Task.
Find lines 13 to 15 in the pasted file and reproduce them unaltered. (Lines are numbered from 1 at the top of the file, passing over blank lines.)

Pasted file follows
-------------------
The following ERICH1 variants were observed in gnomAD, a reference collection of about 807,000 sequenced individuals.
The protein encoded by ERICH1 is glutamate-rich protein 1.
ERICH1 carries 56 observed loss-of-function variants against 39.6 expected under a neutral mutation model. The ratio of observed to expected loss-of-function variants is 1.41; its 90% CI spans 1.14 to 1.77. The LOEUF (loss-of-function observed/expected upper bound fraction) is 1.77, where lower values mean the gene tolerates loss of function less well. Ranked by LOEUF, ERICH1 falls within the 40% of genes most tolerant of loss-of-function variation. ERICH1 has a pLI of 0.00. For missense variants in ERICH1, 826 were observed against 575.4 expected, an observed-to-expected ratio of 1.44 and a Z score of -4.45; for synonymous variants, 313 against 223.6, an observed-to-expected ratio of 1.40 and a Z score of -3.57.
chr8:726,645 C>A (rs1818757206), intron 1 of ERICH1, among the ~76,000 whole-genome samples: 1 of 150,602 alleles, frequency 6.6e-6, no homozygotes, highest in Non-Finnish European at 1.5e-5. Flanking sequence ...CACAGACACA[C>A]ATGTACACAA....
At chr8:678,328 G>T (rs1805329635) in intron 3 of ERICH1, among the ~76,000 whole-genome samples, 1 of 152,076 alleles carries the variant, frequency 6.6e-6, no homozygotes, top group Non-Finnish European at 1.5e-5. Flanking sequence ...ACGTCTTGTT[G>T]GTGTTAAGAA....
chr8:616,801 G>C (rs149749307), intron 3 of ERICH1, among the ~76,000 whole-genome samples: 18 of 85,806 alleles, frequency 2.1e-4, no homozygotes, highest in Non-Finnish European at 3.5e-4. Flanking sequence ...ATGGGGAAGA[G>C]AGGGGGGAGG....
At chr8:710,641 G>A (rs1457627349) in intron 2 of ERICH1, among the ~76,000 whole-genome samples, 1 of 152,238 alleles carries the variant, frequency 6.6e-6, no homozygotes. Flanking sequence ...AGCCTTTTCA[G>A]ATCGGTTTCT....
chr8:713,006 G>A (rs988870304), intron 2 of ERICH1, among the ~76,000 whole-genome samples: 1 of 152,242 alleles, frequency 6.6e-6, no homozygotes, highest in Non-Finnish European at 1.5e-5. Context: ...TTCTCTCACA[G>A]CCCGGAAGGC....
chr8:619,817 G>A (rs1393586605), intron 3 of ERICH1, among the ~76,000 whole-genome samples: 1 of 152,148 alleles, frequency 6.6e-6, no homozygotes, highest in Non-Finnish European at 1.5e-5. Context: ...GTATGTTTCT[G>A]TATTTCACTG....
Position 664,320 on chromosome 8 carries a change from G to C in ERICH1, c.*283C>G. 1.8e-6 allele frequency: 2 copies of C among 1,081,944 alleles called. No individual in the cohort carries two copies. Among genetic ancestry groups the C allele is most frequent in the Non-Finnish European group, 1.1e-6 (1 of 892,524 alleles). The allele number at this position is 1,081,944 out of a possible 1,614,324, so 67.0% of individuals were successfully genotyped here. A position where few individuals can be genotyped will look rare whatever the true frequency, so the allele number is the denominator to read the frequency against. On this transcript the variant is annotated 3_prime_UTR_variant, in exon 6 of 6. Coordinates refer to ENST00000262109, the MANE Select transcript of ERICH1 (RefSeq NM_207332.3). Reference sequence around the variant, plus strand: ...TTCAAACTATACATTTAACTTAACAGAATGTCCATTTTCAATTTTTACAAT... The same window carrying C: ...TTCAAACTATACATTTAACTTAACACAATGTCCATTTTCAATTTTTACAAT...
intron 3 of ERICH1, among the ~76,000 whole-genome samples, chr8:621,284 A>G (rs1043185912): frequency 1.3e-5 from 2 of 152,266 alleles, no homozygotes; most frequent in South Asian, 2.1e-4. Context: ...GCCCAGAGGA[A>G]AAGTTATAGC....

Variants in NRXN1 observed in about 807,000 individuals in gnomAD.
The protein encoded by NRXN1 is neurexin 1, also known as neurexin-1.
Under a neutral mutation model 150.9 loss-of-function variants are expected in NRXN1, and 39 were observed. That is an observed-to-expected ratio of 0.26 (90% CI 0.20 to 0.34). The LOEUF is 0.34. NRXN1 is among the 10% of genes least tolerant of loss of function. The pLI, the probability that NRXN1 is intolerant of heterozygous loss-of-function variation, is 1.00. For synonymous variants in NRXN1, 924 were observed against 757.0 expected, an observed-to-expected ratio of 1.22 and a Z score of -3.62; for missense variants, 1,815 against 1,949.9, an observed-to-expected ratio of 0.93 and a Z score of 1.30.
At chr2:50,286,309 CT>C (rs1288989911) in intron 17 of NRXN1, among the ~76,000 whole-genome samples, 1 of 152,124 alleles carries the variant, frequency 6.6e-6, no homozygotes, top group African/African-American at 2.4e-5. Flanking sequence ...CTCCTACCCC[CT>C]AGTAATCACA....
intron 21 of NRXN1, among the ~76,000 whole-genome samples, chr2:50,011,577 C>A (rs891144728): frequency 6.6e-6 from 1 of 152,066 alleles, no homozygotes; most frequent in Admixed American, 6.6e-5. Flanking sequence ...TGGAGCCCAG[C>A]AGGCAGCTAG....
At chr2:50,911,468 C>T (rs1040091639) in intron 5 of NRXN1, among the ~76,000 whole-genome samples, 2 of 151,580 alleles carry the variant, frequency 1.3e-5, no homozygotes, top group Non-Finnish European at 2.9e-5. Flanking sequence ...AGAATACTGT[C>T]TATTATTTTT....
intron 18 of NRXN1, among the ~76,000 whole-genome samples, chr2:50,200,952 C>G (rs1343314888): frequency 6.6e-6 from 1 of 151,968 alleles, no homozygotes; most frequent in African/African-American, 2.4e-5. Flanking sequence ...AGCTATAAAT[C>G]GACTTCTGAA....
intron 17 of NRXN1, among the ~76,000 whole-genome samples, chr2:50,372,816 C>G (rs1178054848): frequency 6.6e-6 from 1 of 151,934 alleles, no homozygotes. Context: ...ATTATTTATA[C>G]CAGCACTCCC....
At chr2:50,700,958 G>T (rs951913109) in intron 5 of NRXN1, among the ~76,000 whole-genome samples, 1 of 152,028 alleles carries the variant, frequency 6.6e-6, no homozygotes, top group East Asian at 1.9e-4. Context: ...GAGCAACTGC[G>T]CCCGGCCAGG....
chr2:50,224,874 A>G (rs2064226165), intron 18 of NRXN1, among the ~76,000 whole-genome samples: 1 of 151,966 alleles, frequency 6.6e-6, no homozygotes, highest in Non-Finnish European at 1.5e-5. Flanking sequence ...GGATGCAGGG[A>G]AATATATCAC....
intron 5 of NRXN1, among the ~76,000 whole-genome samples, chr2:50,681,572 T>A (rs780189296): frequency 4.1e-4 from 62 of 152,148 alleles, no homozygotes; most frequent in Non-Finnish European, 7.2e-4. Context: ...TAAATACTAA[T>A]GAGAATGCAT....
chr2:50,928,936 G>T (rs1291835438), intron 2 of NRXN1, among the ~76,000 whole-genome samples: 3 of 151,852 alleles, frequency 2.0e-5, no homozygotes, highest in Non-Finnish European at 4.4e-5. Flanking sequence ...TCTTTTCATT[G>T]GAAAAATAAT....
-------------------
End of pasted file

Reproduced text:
The protein encoded by NRXN1 is neurexin 1, also known as neurexin-1.
Under a neutral mutation model 150.9 loss-of-function variants are expected in NRXN1, and 39 were observed. That is an observed-to-expected ratio of 0.26 (90% CI 0.20 to 0.34). The LOEUF is 0.34. NRXN1 is among the 10% of genes least tolerant of loss of function. The pLI, the probability that NRXN1 is intolerant of heterozygous loss-of-function variation, is 1.00. For synonymous variants in NRXN1, 924 were observed against 757.0 expected, an observed-to-expected ratio of 1.22 and a Z score of -3.62; for missense variants, 1,815 against 1,949.9, an observed-to-expected ratio of 0.93 and a Z score of 1.30.
At chr2:50,286,309 CT>C (rs1288989911) in intron 17 of NRXN1, among the ~76,000 whole-genome samples, 1 of 152,124 alleles carries the variant, frequency 6.6e-6, no homozygotes, top group African/African-American at 2.4e-5. Flanking sequence ...CTCCTACCCC[CT>C]AGTAATCACA....